For instance, in the third book of the Smoky Mountain Series I have a group of hikers climbing to the summit of Gregory’s Bald, a mountain in Cades Cove. Since I’m not a hiker, I knew I didn’t want to have the experience firsthand, but I’m thankful for those people who’ve done it and posted their videos on YouTube.  As I watched them hike, I felt like I was right there with them, and then I knew how to write the adventure.

What is something that you have never told anyone in an author interview?

I suppose I could tell you about my most embarrassing moment even though I have tried to forget it. My husband and I were traveling in France with our daughter and her family. We went to dinner at a restaurant in Nice, and we had to wait a long time to be seated. We were finally seated at a table already set with plates, silverware, goblets, and napkins. I was upset because of the long wait and tucked my napkin into the waistband of my slacks just as the waiter came and asked if we would move to another table. This irritated me even more, and I jumped to my feet and started to walk toward the other table. What I didn’t realize was that when I had put the napkin in my lap, I had also gotten the tablecloth caught in the waistband of my slacks. As I moved away from the table, I took the cloth with me and left a trail of broken dishes and scattered silverware behind me.

The moral of that story is: Try to make the best of whatever situation you find yourself in and you won’t run the risk of wishing you could wiggle your nose and disappear.


What is the one thing that you want to leave readers of Angel of the Cove pondering over?

Both the hero and heroine in Angel of the Cove have set their sights on what they want to do with their lives. They have given little thought to how God’s plans for them may differ from their own. It isn’t until they put aside their own desires and listen to what God wants them to do that they find true happiness. I hope readers will search their hearts for what God wants them to do. As Anna and Simon discover, God wants to take away our stony heart and replace it with one focused on His will in our lives.

Please please tell us about your next planned project…

My next project is a historical romance that is set in the early 20th century. It relates the story of fictional characters involved in true events in American history. Sarah Whittaker turns her back on the man she loves to go to Washington D.C. and demonstrate with suffragists outside the gates of the White House. There she is arrested, placed in Occoquan Workhouse, and subjected to all kinds of abuse. The story ends with the ratification of the 19th amendment in the Tennessee House of Representatives. With only a few states left to ratify the amendment, Tennessee was the only state where victory was considered possible. However, the representatives were evenly divided on the issue. On the day of the vote one representative changed his vote from no to aye at the last minute. Women today have the right to vote because one brave representative had the courage to do what he believed to be right.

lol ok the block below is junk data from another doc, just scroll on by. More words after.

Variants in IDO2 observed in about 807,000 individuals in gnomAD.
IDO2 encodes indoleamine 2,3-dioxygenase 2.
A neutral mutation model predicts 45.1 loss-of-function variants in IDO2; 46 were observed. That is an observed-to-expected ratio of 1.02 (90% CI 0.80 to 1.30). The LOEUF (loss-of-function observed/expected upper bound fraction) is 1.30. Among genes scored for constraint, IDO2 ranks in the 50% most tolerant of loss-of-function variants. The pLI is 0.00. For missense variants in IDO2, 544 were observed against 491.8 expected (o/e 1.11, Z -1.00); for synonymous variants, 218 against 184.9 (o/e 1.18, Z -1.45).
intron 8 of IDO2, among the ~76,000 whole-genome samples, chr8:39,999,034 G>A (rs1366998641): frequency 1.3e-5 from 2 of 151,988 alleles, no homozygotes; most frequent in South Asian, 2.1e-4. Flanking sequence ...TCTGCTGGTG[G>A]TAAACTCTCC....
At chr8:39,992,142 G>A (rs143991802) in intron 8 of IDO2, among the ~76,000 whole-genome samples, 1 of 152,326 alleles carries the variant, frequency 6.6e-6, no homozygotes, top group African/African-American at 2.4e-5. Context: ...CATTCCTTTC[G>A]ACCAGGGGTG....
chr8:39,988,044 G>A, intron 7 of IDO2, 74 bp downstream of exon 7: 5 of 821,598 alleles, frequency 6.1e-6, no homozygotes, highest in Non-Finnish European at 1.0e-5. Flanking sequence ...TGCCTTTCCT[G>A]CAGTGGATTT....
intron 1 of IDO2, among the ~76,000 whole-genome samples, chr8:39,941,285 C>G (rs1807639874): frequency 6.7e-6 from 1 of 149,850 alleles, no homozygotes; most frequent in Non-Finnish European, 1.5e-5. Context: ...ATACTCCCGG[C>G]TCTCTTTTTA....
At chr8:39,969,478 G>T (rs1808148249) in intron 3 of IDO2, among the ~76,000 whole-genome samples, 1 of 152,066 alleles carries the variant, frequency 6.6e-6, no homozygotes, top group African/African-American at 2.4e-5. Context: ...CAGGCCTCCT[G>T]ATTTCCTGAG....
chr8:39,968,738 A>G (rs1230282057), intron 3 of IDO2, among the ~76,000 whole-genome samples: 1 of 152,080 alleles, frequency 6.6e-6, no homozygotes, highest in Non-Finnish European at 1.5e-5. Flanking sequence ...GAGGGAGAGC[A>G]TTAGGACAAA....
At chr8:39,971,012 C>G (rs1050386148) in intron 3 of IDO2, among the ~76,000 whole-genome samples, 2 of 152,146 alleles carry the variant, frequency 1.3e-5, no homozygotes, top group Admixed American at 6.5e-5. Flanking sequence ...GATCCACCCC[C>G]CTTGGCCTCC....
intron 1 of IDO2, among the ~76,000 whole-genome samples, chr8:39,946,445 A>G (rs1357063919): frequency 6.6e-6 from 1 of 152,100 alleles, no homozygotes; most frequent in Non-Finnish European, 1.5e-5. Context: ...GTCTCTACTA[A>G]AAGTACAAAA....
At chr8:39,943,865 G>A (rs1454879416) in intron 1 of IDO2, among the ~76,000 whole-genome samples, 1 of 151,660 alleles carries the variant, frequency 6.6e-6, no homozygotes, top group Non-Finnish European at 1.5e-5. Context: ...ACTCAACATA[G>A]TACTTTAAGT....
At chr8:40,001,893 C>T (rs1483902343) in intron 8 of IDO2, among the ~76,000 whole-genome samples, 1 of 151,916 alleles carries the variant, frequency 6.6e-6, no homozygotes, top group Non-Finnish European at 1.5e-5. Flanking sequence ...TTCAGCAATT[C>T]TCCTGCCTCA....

The title of the book is A Lady’s Choice.


Tell us about your blog and participation in other blogs… (web presence, social networking)

I enjoy hearing from readers and they can connect with me on my website at My blog is on the website, but I also contribute to two other blogs. On Thursdays I do author interviews on , and I also blog periodically about my Love Inspired Suspense books on

On my website readers can also find links to my social networking pages of Facebook, Goodreads, and Twitter. I also welcome emails at

Click back over to this morning – and feel free to get a sneak preview of the first chapter of Angel of the Cove through a FIRST tour.

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(No spam, I promise. Just creative madness ramblings, reviews and life-stories, with quilting and cross stitch inspiration in between!)

About CherryBlossomMJ

The Creative Madness Mama also known as Margaret is a Christian Stay-at-home Mama, married to the Enginerd, Quilter, avid reader and book-a-holic. A book blogger for bunches of different publicists. She loves to share the latest and greatest about books coming out as well as her quilt and other crafty projects with some pictures of her eight-year-old AppleBlossom, three-year-old Almond Blossom (the Rascal boy!), six-year-old OrangeBlossom (the Princess), and newborn Mermaid Warrior in between. Plotting to be a homeschooler, she's a cloth diapering, breastfeeding, babywearing, list making mama full of a little creative and a lot of madness.

One Comment

  1. Sandra, I’m so delighted to have you here! On a glimpse it sounds like the Smoky Mountain Dreams series will remind me of Christy if only in the setting. I look forward to reading it! 🙂